The responsibility that comes with having a garden weighs heavily on me. It dictates what I do and when I do it. I’m tied to the kitchen. Try as I might, I can’t seem to get Mother Nature on my schedule. Her latest parry has been of the green tomato variety.
We’ve a bumper crop of tomatoes this year. Apart from the occasional one that has managed to ripen, most of them are still green. And instead of turning red, they’re just growing bigger. Four of the plants have keeled over, laden with fruit and battered by the rain we’ve been having. I hate to see anything go to waste and rather than having to deal with hundreds of kilos of red tomatoes in a few weeks, I’ve been harvesting some of the green ones and Googling what to do with them (other than the usual breads, cakes, and muffins – green tomatoes are an excellent substitute for zucchini!).
Green tomato chutney *****
The chutney recipe I used called for allspice, which I tracked down four shops later and solid 30 minutes spent translating the labels. But I misread the recipe and bought egész (whole) rather than őrölt (ground). Thankfully, the well-travelled AC had recently brought me back some spice mixture from Jordan made of up all sorts of stuff, including allspice, so I figured that would do nicely thank you very much. And it certainly did something for the taste. My chutney is bloody delicious, even if I say so myself. So good that I’m planning on making another batch next weekend.
Green tomato relish ****
The green tomato relish recipe had me wondering at the instructions. Coarsely grind… not chop but grind. I was at a loss. I tried using a food processor and pulsing the red peppers first. I ended up with something strangely like calamine lotion – that same hideous pink. So I switched to the Nutribullet for the green peppers and got a sickly looking green wash. I was more careful with the onions but ended up with chunks and finally got the hang of it when I started on the tomatoes. I let the whole lot drain through cheesecloth for an hour, a little worried that I’d just wasted 36 tomatoes, 12 onions, and 8 peppers (and very grateful indeed that I’d bought all the cheesecloth I’d found in a little huxter shop near Slab City, California, when we were there earlier this year as I’ve yet to see it sold anywhere this side of the pond). But once the fluid drained off, what was left looked like it’d make a decent relish, stray chunks of onion aside. My green tomato relish is a little on the sweet side for my taste but my tasters gave it a thumbs up – and they’re not the sort to be polite. It also yielded two litres of a pure pepper/onion/tomato juice that is in the fridge waiting for the next pioneer-pinned vegan who visits.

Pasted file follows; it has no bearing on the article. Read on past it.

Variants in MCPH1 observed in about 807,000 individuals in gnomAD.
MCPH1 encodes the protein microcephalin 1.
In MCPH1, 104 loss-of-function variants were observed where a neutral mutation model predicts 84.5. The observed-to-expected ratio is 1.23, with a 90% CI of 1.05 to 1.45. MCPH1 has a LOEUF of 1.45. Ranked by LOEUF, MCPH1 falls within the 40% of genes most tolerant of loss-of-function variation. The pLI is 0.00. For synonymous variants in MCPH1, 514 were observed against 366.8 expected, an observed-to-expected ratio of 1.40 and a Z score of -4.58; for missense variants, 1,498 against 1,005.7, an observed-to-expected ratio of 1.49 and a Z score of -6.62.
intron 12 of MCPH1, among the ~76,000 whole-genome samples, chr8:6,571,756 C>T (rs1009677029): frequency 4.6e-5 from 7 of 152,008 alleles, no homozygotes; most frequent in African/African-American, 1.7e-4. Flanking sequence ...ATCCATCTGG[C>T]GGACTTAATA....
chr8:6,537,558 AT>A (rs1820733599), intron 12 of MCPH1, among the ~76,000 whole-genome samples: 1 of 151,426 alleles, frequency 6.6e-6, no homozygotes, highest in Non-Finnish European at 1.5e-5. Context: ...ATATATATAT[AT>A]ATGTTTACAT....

Green tomato salsa **
The recipe I used for green tomato salsa called for jalapeños. I didn’t have a fresh ones. I don’t think I’ve ever seen a fresh one. I’d no idea what size they were and couldn’t be arsed getting up to check. [I find the longer I spend in the kitchen on a hot day, the more careless I get.] So I opened a jar of jalapeños and guessed. Bad move. Very bad move. Awful mood, in fact. This is only for palates that go for entrées marked with three chilis; one is as far as I’m prepared to go. Others seem to have made a similar mistake though, as there’s a Wiki page on how to fix salsa if you’ve made it too hot. I tried adding lime juice. I tried adding more tomatoes. I tried adding sugar. But it’s still too bloody hot.
Green tomato side-dishes *********************
DF made fried green tomatoes for me once upon a time in Hawaii. I loved the movie and like how the three words sound together – in an American accent. She fried tomaytoes – I fried tomahtoes. I’ll eat either. A fair chunk of my Google searches begins with ‘What can I used if I don’t have XXXXX’. Not having a well-stocked supermarket within spitting distance has seriously added to my creativity in the kitchen. It’s rare that I have all the ingredients I need to hand, despite my doomsday big-shop approach. I might never run out of baked beans or mayonnaise but cornmeal hadn’t yet made an entry into the larder. So I used semolina (búzadara) instead and it worked a treat.
A search for green tomato recipes turned up a little gem – parmesan-crusted green tomato gratin. Thankfully it came with a picture, as the written instructions addled me. It’s scrape-the-dish-and-fight-over-the-last-spoonful delicious.
Encouraged by the prospect of having these green tomato side-dishes in December, I sliced up a bunch of tomatoes, stacked them singly in layers, froze and bagged them. That’s one drawer of my four-drawer freezer space gone and I’m giving serious consideration to commandeering a second. Have I mentioned how gobsmackingly tasty that gratin is?
Once again, I’m grateful for what comes out of my garden. But more so, I’m grateful for being able to do something from start to finish and see the end result. My recipes are covered in hand-written lessons learned and reminders for next year as this preserving lark is definitely a learning process.
Sadly though, when I went to store this batch of jars, I discovered that one of the jars of cherry plums had morphed into some nasty-looking white goo and another was bubbling dangerously. Am not quite sure what went wrong as the others look healthy enough. Having already been the cause of one cherry-bomb explosion that resulted in a complete kitchen renovation (not my kitchen but my cherries), I could do without a repeat performance. I’m glad I checked.